Takako Doi: ‘Politics, Future, and Hope’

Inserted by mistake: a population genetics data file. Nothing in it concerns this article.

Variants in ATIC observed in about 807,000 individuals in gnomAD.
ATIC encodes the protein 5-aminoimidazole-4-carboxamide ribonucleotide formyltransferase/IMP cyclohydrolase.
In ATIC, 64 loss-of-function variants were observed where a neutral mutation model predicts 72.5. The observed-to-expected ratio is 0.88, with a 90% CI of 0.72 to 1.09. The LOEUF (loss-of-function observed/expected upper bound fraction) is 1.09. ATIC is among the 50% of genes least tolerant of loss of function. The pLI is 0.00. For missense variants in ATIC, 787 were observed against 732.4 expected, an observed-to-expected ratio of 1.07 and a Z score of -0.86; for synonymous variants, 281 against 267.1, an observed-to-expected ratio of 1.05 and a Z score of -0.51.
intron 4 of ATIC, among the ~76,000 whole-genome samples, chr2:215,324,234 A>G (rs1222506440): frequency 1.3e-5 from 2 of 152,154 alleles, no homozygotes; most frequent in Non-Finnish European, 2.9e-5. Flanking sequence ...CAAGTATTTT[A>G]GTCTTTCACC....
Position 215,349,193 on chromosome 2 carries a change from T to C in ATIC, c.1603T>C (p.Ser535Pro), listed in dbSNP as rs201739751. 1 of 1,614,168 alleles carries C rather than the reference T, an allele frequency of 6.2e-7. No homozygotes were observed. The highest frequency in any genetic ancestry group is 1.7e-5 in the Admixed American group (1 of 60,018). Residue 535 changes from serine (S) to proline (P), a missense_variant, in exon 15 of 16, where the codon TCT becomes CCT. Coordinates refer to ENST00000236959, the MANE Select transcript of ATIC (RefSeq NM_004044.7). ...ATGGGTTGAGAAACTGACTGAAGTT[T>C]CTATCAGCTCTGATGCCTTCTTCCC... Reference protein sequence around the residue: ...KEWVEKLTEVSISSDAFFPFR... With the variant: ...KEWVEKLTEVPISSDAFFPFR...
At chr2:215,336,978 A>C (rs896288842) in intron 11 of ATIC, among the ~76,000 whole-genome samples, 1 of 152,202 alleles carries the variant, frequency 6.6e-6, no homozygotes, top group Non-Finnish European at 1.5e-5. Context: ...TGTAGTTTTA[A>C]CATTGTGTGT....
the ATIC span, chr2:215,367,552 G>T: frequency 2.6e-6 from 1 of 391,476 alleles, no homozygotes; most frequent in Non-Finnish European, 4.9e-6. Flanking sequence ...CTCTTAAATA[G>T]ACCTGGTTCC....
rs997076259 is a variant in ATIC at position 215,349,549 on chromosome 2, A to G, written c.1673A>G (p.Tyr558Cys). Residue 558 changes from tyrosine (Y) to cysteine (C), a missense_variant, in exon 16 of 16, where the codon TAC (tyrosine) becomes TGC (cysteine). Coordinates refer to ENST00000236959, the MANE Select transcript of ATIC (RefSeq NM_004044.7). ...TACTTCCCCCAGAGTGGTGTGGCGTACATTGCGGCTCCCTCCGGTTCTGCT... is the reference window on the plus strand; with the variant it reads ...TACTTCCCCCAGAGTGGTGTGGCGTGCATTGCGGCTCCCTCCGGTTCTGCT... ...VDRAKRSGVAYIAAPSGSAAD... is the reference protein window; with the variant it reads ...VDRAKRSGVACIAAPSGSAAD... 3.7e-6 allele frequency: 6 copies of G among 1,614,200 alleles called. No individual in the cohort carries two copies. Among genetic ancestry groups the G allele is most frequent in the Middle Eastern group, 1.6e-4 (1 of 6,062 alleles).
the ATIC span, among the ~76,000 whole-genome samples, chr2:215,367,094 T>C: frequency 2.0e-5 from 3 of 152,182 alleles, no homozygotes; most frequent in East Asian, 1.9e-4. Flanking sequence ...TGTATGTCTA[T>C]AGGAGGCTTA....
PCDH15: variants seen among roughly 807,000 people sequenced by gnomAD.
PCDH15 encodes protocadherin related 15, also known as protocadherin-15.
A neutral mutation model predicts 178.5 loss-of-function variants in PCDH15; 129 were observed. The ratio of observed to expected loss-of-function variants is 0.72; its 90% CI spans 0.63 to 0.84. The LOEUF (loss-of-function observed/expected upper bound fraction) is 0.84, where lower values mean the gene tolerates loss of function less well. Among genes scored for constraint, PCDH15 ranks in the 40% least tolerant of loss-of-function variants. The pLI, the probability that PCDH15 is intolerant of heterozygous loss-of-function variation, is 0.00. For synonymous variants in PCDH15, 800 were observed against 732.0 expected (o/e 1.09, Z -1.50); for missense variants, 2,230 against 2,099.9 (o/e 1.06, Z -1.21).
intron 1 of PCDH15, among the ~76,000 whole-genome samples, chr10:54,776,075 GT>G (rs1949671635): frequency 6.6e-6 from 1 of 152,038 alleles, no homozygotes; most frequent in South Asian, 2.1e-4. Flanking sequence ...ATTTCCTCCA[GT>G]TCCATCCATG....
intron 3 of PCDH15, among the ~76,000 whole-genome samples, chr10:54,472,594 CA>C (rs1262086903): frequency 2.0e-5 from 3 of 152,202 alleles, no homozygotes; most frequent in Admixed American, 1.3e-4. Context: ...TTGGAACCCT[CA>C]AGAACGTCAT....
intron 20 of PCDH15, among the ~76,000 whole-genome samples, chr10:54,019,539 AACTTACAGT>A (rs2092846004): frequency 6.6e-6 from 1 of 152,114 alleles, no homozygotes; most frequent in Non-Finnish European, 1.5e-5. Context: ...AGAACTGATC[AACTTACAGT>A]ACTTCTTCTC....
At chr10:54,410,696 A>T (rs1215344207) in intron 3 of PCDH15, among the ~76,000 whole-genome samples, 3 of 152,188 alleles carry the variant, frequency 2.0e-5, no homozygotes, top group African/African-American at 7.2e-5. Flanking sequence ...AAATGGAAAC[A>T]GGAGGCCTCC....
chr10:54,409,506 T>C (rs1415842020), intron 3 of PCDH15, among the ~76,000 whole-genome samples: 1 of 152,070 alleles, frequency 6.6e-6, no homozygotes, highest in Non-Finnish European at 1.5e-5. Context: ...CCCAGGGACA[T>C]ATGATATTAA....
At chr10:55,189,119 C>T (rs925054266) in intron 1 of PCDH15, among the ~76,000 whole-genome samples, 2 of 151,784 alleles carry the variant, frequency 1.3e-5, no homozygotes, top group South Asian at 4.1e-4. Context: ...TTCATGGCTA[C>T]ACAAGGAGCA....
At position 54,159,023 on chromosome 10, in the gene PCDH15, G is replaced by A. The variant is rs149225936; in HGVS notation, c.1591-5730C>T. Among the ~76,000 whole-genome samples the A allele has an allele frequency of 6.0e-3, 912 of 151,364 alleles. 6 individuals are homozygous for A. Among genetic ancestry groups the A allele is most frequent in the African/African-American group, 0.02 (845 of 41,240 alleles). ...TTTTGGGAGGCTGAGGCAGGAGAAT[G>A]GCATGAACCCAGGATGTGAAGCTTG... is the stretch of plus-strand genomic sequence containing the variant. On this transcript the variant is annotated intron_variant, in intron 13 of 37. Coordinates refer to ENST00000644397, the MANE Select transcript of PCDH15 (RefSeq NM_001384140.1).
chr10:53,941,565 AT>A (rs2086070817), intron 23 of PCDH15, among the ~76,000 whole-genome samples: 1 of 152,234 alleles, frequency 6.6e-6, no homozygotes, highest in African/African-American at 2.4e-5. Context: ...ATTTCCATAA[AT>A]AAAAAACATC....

The underpinnings of our lives is hope. If we have the smallest margin of hope, we can continue to exist. I believe what is sought from politics is to expand that hope even by the smallest margin. When we think of it, however, it seems politics has cast a shadow over people’s hopes. I cannot ask help but ask myself if there has ever been so much urgency embodied in the words “future of hope.” However, even knowing the absolute destructive capacity of nuclear weapons, and having experienced its atrocity, mankind still has not been able to walk the road to the destruction of nuclear arms. To the contrary, some countries see the retention of nuclear arms as the symbol of a national power. In the 21st century, are we going to gain richness with science and technology, or will humanity be subjugated to science and technology. We will be faced with the choice of one or the other. I believe the advances of telecommunication technology will present us with similar choices in the future. Fifty years after the war, the Japanese society is caught in a very perplexing stagnation. When I look back on the last 50 years of Japanese history, I am beset by the deepest soul searching and painful frustration, when I find that we Japanese have not been able to overcome our mistakes on our own volition. We still have not been able to reach a reconciliation with many of our Asian friends. Politicians should speak of the future, of ethics, and life. A discussion of hope should be based on fundamental principles. In particular, politicians must speak with children and young people and women if we are to retain hope for the future. Politicians must be accountable for their decisions, and they must also question the criteria in which their responsibility would be assessed. That is why our enlightened forebears and predecessors who have translated ideals into reality continue to be respected and be a source of encouragement. Emmanuel Kant wrote, “Truly lasting peace is not an empty ideal, but a challenge given to us.” This challenge will be solved gradually and we will eventually reach our goal. We must all share a firm resolve to realize our goals. The critical stimulus for that will be the recognition of human rights and coexistence. However, there are many problems that face us. But when we think of how we can respond to such difficulties and challenges, I question where we can place our starting point. It is at this fundamental question that the future of hope must be questioned. That is the question I entertain for myself and which I believe has to be resolved.